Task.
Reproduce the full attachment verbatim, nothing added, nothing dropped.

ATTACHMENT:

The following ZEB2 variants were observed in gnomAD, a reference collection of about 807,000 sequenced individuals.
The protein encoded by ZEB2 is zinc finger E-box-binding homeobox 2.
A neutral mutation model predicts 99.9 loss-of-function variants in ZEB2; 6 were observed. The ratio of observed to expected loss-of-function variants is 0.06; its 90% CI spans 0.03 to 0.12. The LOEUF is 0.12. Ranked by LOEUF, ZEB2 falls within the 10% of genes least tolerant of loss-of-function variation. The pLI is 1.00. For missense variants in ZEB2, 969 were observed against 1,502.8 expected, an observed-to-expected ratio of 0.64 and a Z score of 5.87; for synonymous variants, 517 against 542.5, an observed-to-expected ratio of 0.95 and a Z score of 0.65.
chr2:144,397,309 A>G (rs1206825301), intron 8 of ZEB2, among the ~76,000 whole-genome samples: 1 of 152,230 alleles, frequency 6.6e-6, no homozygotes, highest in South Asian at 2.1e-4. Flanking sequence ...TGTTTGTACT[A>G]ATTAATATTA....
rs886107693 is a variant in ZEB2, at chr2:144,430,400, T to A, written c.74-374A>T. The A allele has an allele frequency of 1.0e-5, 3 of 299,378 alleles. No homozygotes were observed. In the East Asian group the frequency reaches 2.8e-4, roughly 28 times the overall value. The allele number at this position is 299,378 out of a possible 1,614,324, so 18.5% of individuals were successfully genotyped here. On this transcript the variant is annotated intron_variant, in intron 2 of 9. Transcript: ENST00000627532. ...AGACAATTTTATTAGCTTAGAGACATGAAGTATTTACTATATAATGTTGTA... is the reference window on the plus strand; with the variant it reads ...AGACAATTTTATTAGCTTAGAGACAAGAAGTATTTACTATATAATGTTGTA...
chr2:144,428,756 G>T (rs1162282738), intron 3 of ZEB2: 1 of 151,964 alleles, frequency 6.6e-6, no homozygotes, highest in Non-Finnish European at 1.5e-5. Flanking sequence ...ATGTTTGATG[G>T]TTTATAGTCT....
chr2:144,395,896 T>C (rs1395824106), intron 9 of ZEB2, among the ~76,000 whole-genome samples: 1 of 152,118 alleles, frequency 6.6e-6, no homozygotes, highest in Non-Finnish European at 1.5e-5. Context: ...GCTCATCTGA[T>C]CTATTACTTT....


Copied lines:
The following ZEB2 variants were observed in gnomAD, a reference collection of about 807,000 sequenced individuals.
The protein encoded by ZEB2 is zinc finger E-box-binding homeobox 2.
A neutral mutation model predicts 99.9 loss-of-function variants in ZEB2; 6 were observed. The ratio of observed to expected loss-of-function variants is 0.06; its 90% CI spans 0.03 to 0.12. The LOEUF is 0.12. Ranked by LOEUF, ZEB2 falls within the 10% of genes least tolerant of loss-of-function variation. The pLI is 1.00. For missense variants in ZEB2, 969 were observed against 1,502.8 expected, an observed-to-expected ratio of 0.64 and a Z score of 5.87; for synonymous variants, 517 against 542.5, an observed-to-expected ratio of 0.95 and a Z score of 0.65.
chr2:144,397,309 A>G (rs1206825301), intron 8 of ZEB2, among the ~76,000 whole-genome samples: 1 of 152,230 alleles, frequency 6.6e-6, no homozygotes, highest in South Asian at 2.1e-4. Flanking sequence ...TGTTTGTACT[A>G]ATTAATATTA....
rs886107693 is a variant in ZEB2, at chr2:144,430,400, T to A, written c.74-374A>T. The A allele has an allele frequency of 1.0e-5, 3 of 299,378 alleles. No homozygotes were observed. In the East Asian group the frequency reaches 2.8e-4, roughly 28 times the overall value. The allele number at this position is 299,378 out of a possible 1,614,324, so 18.5% of individuals were successfully genotyped here. On this transcript the variant is annotated intron_variant, in intron 2 of 9. Transcript: ENST00000627532. ...AGACAATTTTATTAGCTTAGAGACATGAAGTATTTACTATATAATGTTGTA... is the reference window on the plus strand; with the variant it reads ...AGACAATTTTATTAGCTTAGAGACAAGAAGTATTTACTATATAATGTTGTA...
chr2:144,428,756 G>T (rs1162282738), intron 3 of ZEB2: 1 of 151,964 alleles, frequency 6.6e-6, no homozygotes, highest in Non-Finnish European at 1.5e-5. Flanking sequence ...ATGTTTGATG[G>T]TTTATAGTCT....
chr2:144,395,896 T>C (rs1395824106), intron 9 of ZEB2, among the ~76,000 whole-genome samples: 1 of 152,118 alleles, frequency 6.6e-6, no homozygotes, highest in Non-Finnish European at 1.5e-5. Context: ...GCTCATCTGA[T>C]CTATTACTTT....